This article first appeared in The Edge Malaysia Weekly on June 22, 2020 - June 28, 2020
LABOUR markets across the globe are in dire straits as the Covid-19 pandemic has restricted movement and economic activities.
The latest unemployment data paints a bleak picture. The US labour market is experiencing its worst downturn since the Great Depression, with unemployment rates of 14.7% in April and 13.3% in May; Australia’s unemployment rate of 7.1% in May was its worst since 2001; unemployment was at a record high of 17.7% in April for the Philippines; and across the Causeway, Singapore recorded its highest unemployment rate in a decade of 2.4% in the first quarter of 2020.
Malaysia’s situation was not any different — 778,800 people were unemployed in April, raising the unemployment rate to 5%, its highest level in over three decades. This was expected, given that the Movement Control Order in place since March 18 brought almost all economic activities to a halt.
However, there is a silver lining to every crisis: The pandemic presents Malaysia with an opportunity to reinvent its labour market by addressing some of the structural issues that exist.
The pivot to automation, digitisation at the workplace
McKinsey & Co Malaysia senior and managing partner Nimal Manuel says the crisis has created an imperative to escalate the adoption of new technology across all aspects of life, from e-commerce to remote working and learning tools.
“We see a shift towards a more ‘contact-free’ economy — one where businesses and consumers look for less face-to-face human interaction. It is possible that this crisis could be a turning point for automation as Covid-19 accelerates existing trends.
“According to the Brookings Institution, over the three recessions of the past 30 years, the pace of automation increased during each period,” he says.
However, there is a nagging fear that automating and digitising processes at the workplace could spell further job cuts as machines replace humans.
On this, Khazanah Research Institute’s (KRI) deputy director of research Christopher Choong Weng Wai opines that technology is a double-edged sword — it can replace workers, but it can also create new jobs.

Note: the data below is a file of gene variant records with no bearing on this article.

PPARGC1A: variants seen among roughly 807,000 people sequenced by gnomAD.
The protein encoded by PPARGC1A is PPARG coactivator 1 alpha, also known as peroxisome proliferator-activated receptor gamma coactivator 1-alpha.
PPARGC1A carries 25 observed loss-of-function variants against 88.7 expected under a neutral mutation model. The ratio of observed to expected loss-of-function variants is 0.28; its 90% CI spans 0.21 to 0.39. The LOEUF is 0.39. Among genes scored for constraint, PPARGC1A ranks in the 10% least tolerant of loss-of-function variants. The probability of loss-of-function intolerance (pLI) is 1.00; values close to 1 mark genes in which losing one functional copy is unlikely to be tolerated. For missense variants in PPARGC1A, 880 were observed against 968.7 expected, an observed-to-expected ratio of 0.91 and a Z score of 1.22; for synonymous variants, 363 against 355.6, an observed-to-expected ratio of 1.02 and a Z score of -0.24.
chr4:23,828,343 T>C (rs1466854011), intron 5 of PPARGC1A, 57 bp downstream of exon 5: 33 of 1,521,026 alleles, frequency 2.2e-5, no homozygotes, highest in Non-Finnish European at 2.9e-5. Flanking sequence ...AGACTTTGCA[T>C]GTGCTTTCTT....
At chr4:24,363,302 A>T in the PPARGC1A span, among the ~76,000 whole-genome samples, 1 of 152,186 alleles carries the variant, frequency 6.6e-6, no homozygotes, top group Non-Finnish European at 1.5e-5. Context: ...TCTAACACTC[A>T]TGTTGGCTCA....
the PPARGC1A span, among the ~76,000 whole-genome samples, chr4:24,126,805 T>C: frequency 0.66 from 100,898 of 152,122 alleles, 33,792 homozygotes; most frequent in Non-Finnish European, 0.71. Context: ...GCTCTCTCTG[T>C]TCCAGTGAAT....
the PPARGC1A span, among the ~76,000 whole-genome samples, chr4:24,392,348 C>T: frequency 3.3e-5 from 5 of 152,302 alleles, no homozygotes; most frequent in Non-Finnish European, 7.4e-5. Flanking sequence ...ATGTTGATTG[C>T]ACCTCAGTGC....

“It is the role of policy to deploy technology in such a way that we can augment labour, and I see the pandemic as providing us with the impetus and opportunity to shift our workforce to higher value-added activities with the help of automation and digitisation,” he tells The Edge.
Dr Niaz Asadullah, professor of economics at the University of Malaya and Southeast Asia lead of the Global Labor Organization, says for the vast majority of small and medium enterprises (SMEs) in Malaysia, which account for 40% of the total workforce and 98% of businesses, automation is not yet an option.
“Seventy per cent of SMEs don’t even accept mobile payments. In the absence of these complementary provisions, any increase in the use of online platforms, digitisation and automation is likely to be concentrated in the formal sector as larger firms are better placed to finance the associated costs of restructuring production processes. In other words, the pandemic may widen the existing digital divide in the economy. But I don’t expect this per se to have a large impact on the unemployment situation, at least not in the short run,” he says.
Creating jobs, addressing skills mismatch and tackling youth unemployment
A pertinent component in reinventing the Malaysian workforce is addressing the mismatch between the skills that our graduates are equipped with and what is required by employers.
Youth unemployment, a long-standing issue of contention in Malaysia, stood at 9% in April for people aged between 15 and 30.
Institute of Strategic and International Studies Malaysia fellow in economics, trade and regional integration Dr Juita Mohamad says increasing private sector cooperation in apprenticeship, training and internships is vital to fix the skills mismatch.
“Additionally, firms can contribute by improving integration with the local labour market by offering more internship programmes and increasing collaboration with universities and career centres. Further, firms can increase the level of on-the-job training for fresh graduates in the initial year of employment to overcome the issue of skills mismatch. This has worked well in Japan as workers in most of the sectors are reskilled in the first year of their employment to cater for the demands of the industry,” she says.
She adds that improving the quality of Technical and Vocational Education and Training (TVET) for youths should also be prioritised.
“For youth in particular, research suggests that increasing the quality of and access to vocational training is linked to lower rates of youth unemployment. To improve the quality of the TVET programmes, streamlining them and ensuring rigorous monitoring are very much needed.
“Both the government and private sector need to play a role in upskilling and reskilling workers in Malaysia. To date, there are numerous TVET programmes provided by seven different ministries at certificate, diploma and degree levels. This creates an issue of overlap and redundancy. Consolidating these programmes into fewer flagship programmes, along with establishing rigorous, measurable monitoring and evaluation mechanisms, can help in removing lower-performing programmes and improving programme administrative capacity.
Universiti Malaya’s Niaz says skills mismatch reflects two factors — the fundamental gaps in Malaysia’s education system and a rapidly changing economy.
“The Malaysian economy has seen a rise in service-based activities. The way work is organised is also changing as repetitive tasks are automated by companies. All these have created new demands for soft skills at the expense of routine skills.
“However, our schools have historically focused on hard skills. Rote learning remains the norm instead of developing competencies. School curriculums need to respond to these changes in market demand,” he says.